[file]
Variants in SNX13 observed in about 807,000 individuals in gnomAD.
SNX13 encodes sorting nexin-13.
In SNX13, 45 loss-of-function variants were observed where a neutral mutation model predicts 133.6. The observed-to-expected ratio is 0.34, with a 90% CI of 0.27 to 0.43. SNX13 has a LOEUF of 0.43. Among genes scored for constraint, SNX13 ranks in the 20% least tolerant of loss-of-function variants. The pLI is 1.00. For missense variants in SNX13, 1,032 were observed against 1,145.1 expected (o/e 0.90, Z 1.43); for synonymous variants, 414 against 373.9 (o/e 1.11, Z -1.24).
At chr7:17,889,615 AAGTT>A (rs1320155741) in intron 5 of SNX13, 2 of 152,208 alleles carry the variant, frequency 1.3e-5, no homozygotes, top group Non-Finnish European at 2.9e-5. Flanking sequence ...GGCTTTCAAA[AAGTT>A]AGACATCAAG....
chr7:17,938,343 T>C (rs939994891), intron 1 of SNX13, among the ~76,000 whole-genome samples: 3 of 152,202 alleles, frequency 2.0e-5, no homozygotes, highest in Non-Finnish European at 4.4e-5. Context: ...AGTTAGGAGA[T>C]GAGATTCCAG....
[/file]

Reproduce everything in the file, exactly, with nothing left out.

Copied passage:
Variants in SNX13 observed in about 807,000 individuals in gnomAD.
SNX13 encodes sorting nexin-13.
In SNX13, 45 loss-of-function variants were observed where a neutral mutation model predicts 133.6. The observed-to-expected ratio is 0.34, with a 90% CI of 0.27 to 0.43. SNX13 has a LOEUF of 0.43. Among genes scored for constraint, SNX13 ranks in the 20% least tolerant of loss-of-function variants. The pLI is 1.00. For missense variants in SNX13, 1,032 were observed against 1,145.1 expected (o/e 0.90, Z 1.43); for synonymous variants, 414 against 373.9 (o/e 1.11, Z -1.24).
At chr7:17,889,615 AAGTT>A (rs1320155741) in intron 5 of SNX13, 2 of 152,208 alleles carry the variant, frequency 1.3e-5, no homozygotes, top group Non-Finnish European at 2.9e-5. Flanking sequence ...GGCTTTCAAA[AAGTT>A]AGACATCAAG....
chr7:17,938,343 T>C (rs939994891), intron 1 of SNX13, among the ~76,000 whole-genome samples: 3 of 152,202 alleles, frequency 2.0e-5, no homozygotes, highest in Non-Finnish European at 4.4e-5. Context: ...AGTTAGGAGA[T>C]GAGATTCCAG....